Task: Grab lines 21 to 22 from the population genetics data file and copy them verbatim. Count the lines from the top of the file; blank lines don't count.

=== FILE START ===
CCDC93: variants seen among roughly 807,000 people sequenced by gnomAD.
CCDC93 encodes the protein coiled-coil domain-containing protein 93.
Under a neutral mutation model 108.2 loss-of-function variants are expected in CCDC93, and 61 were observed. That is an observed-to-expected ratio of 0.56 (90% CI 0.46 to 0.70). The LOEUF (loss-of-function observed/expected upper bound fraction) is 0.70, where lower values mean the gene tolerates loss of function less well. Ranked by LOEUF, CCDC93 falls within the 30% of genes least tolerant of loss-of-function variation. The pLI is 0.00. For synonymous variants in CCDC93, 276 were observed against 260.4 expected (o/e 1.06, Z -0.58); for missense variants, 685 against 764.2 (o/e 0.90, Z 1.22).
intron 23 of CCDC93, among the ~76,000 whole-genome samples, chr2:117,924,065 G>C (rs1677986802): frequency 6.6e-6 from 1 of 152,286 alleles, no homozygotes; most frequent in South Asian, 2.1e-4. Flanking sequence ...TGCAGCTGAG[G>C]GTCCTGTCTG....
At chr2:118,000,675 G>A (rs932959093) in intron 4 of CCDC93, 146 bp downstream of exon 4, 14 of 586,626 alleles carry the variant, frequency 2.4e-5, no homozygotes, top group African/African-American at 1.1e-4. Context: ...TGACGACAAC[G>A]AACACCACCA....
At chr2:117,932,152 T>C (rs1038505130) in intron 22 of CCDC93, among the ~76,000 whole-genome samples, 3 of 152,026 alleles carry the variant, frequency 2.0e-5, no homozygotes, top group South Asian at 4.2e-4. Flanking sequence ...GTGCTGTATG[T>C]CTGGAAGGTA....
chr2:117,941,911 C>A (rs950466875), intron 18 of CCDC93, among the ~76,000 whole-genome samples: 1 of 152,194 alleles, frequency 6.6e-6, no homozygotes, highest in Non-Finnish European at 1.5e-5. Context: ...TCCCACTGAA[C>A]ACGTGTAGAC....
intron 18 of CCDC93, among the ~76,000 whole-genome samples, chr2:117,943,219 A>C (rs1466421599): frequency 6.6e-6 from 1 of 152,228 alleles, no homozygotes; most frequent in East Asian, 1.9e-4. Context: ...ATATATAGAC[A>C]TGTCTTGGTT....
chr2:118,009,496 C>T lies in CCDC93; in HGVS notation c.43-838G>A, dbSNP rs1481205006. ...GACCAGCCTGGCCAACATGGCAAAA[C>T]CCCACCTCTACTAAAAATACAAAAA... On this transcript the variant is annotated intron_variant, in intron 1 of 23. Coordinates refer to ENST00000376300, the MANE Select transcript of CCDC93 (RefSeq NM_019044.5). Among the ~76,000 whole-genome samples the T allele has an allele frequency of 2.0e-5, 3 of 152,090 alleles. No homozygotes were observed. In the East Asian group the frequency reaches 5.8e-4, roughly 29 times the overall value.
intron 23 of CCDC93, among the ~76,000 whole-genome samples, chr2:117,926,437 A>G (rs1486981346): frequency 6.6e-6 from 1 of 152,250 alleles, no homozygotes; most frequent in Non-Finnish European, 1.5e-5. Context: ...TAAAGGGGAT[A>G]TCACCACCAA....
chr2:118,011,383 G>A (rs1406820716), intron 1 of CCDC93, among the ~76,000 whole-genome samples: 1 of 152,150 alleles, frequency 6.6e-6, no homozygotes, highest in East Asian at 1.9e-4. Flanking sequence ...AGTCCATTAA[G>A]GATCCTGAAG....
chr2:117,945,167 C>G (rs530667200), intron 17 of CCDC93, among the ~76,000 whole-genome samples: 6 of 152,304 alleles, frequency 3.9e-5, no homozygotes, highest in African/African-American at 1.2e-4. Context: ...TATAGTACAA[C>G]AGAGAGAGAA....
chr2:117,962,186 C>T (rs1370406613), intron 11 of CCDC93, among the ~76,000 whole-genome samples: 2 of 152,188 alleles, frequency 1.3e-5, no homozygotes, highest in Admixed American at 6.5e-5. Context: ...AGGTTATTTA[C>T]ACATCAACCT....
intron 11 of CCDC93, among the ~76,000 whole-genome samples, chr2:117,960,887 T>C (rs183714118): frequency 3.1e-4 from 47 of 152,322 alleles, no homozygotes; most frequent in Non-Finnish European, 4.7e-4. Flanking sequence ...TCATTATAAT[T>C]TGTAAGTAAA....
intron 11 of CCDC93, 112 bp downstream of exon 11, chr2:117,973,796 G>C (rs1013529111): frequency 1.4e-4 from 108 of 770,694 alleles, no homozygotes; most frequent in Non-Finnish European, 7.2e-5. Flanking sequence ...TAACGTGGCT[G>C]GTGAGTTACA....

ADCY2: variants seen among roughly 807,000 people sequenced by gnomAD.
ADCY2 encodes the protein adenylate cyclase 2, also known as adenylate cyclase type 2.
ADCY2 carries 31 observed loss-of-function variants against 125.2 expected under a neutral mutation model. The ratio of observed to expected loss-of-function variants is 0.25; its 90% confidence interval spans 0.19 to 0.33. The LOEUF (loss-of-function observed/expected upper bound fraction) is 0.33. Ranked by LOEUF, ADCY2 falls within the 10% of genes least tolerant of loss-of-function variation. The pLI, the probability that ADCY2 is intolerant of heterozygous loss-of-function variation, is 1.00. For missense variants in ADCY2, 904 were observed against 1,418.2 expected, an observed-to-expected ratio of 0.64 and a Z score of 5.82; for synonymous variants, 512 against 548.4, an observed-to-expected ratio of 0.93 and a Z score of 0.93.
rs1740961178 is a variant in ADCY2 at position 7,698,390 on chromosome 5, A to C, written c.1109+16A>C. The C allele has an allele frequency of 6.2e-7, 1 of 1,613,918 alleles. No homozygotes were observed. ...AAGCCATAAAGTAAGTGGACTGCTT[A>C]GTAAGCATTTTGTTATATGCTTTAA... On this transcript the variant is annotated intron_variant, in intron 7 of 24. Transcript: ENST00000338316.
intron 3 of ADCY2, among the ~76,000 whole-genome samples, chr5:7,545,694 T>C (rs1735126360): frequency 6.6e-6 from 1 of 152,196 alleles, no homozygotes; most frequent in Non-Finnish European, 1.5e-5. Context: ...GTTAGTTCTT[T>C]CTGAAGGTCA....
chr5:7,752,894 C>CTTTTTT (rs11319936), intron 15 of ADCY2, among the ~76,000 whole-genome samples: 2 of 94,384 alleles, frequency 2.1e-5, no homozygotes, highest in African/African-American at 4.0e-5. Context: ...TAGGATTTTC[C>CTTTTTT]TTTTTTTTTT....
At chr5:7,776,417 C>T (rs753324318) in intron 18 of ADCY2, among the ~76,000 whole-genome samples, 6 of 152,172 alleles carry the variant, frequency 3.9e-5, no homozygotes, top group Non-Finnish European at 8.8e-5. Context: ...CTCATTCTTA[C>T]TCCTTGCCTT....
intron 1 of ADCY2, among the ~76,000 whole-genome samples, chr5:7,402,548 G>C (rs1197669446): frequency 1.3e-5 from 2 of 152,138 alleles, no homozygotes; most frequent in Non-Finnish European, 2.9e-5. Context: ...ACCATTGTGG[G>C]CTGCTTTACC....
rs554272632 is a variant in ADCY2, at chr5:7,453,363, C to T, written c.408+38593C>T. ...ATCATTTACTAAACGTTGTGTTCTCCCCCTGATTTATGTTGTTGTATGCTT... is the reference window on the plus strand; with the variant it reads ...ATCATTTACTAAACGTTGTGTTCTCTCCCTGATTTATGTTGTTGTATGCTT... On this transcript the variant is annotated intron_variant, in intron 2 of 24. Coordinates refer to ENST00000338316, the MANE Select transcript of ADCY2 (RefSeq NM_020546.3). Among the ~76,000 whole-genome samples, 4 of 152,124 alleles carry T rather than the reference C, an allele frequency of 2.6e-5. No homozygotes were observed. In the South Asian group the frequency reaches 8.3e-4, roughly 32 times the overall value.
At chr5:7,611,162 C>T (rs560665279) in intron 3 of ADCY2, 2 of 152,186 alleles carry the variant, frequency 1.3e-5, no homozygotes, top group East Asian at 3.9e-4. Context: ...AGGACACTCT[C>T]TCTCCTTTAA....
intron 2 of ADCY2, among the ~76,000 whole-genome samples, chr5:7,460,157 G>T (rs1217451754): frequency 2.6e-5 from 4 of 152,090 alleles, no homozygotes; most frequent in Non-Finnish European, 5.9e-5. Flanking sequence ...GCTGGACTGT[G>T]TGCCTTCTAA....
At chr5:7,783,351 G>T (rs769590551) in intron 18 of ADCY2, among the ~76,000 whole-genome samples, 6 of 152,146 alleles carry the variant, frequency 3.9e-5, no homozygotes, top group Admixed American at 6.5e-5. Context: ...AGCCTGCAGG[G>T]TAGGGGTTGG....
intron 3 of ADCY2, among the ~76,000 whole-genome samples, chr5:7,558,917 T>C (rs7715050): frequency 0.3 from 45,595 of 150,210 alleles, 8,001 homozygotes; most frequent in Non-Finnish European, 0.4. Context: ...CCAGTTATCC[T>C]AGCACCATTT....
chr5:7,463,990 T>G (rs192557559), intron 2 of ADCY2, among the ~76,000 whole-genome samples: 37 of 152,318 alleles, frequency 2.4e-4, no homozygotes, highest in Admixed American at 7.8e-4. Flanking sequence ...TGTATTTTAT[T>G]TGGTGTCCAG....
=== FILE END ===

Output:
chr5:7,752,894 C>CTTTTTT (rs11319936), intron 15 of ADCY2, among the ~76,000 whole-genome samples: 2 of 94,384 alleles, frequency 2.1e-5, no homozygotes, highest in African/African-American at 4.0e-5. Context: ...TAGGATTTTC[C>CTTTTTT]TTTTTTTTTT....
At chr5:7,776,417 C>T (rs753324318) in intron 18 of ADCY2, among the ~76,000 whole-genome samples, 6 of 152,172 alleles carry the variant, frequency 3.9e-5, no homozygotes, top group Non-Finnish European at 8.8e-5. Context: ...CTCATTCTTA[C>T]TCCTTGCCTT....